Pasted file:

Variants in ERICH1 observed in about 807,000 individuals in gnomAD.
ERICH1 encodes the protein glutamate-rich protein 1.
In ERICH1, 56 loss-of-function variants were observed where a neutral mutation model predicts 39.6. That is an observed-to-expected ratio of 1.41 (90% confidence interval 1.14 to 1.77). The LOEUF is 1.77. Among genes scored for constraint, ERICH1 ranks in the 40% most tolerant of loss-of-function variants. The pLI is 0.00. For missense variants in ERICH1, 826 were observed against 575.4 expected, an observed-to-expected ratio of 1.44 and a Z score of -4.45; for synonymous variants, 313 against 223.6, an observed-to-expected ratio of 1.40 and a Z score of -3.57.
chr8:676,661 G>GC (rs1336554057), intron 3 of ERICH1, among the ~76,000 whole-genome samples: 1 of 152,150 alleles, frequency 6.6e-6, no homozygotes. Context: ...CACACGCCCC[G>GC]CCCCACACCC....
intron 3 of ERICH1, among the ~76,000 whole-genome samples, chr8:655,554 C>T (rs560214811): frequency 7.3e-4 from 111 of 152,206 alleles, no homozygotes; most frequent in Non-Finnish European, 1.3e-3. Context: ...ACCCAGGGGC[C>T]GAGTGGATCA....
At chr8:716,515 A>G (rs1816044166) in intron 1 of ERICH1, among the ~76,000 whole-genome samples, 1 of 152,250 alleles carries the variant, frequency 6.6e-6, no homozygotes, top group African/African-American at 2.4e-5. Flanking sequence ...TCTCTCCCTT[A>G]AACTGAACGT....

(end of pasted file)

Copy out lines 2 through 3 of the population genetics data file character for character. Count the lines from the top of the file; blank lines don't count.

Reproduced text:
ERICH1 encodes the protein glutamate-rich protein 1.
In ERICH1, 56 loss-of-function variants were observed where a neutral mutation model predicts 39.6. That is an observed-to-expected ratio of 1.41 (90% confidence interval 1.14 to 1.77). The LOEUF is 1.77. Among genes scored for constraint, ERICH1 ranks in the 40% most tolerant of loss-of-function variants. The pLI is 0.00. For missense variants in ERICH1, 826 were observed against 575.4 expected, an observed-to-expected ratio of 1.44 and a Z score of -4.45; for synonymous variants, 313 against 223.6, an observed-to-expected ratio of 1.40 and a Z score of -3.57.